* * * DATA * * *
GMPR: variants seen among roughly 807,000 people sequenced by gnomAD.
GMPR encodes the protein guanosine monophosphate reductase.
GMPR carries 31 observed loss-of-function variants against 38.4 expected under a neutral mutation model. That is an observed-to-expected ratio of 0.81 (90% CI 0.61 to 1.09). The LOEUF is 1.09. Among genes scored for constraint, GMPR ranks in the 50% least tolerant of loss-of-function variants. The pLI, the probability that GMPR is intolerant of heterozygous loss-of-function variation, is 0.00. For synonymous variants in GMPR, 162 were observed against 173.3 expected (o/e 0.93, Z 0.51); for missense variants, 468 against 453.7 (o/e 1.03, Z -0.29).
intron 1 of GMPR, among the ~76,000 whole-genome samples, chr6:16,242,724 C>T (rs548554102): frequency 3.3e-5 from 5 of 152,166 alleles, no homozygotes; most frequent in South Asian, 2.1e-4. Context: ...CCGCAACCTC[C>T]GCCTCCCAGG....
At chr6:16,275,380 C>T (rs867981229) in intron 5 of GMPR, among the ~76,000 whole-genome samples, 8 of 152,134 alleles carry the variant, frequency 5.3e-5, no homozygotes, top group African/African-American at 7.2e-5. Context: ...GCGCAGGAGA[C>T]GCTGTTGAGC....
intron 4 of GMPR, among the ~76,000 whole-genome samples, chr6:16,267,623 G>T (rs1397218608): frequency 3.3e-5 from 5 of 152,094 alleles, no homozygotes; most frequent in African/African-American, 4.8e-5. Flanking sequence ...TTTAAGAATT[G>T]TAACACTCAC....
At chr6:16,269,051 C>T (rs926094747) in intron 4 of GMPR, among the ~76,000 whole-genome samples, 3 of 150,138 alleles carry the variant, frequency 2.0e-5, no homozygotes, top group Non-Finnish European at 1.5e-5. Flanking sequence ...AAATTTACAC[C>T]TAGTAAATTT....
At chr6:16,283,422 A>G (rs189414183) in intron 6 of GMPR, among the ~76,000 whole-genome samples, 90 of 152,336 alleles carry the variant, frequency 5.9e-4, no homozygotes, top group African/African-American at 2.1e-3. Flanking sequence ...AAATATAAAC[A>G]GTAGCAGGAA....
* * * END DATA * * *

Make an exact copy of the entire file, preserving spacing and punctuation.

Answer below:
GMPR: variants seen among roughly 807,000 people sequenced by gnomAD.
GMPR encodes the protein guanosine monophosphate reductase.
GMPR carries 31 observed loss-of-function variants against 38.4 expected under a neutral mutation model. That is an observed-to-expected ratio of 0.81 (90% CI 0.61 to 1.09). The LOEUF is 1.09. Among genes scored for constraint, GMPR ranks in the 50% least tolerant of loss-of-function variants. The pLI, the probability that GMPR is intolerant of heterozygous loss-of-function variation, is 0.00. For synonymous variants in GMPR, 162 were observed against 173.3 expected (o/e 0.93, Z 0.51); for missense variants, 468 against 453.7 (o/e 1.03, Z -0.29).
intron 1 of GMPR, among the ~76,000 whole-genome samples, chr6:16,242,724 C>T (rs548554102): frequency 3.3e-5 from 5 of 152,166 alleles, no homozygotes; most frequent in South Asian, 2.1e-4. Context: ...CCGCAACCTC[C>T]GCCTCCCAGG....
At chr6:16,275,380 C>T (rs867981229) in intron 5 of GMPR, among the ~76,000 whole-genome samples, 8 of 152,134 alleles carry the variant, frequency 5.3e-5, no homozygotes, top group African/African-American at 7.2e-5. Context: ...GCGCAGGAGA[C>T]GCTGTTGAGC....
intron 4 of GMPR, among the ~76,000 whole-genome samples, chr6:16,267,623 G>T (rs1397218608): frequency 3.3e-5 from 5 of 152,094 alleles, no homozygotes; most frequent in African/African-American, 4.8e-5. Flanking sequence ...TTTAAGAATT[G>T]TAACACTCAC....
At chr6:16,269,051 C>T (rs926094747) in intron 4 of GMPR, among the ~76,000 whole-genome samples, 3 of 150,138 alleles carry the variant, frequency 2.0e-5, no homozygotes, top group Non-Finnish European at 1.5e-5. Flanking sequence ...AAATTTACAC[C>T]TAGTAAATTT....
At chr6:16,283,422 A>G (rs189414183) in intron 6 of GMPR, among the ~76,000 whole-genome samples, 90 of 152,336 alleles carry the variant, frequency 5.9e-4, no homozygotes, top group African/African-American at 2.1e-3. Flanking sequence ...AAATATAAAC[A>G]GTAGCAGGAA....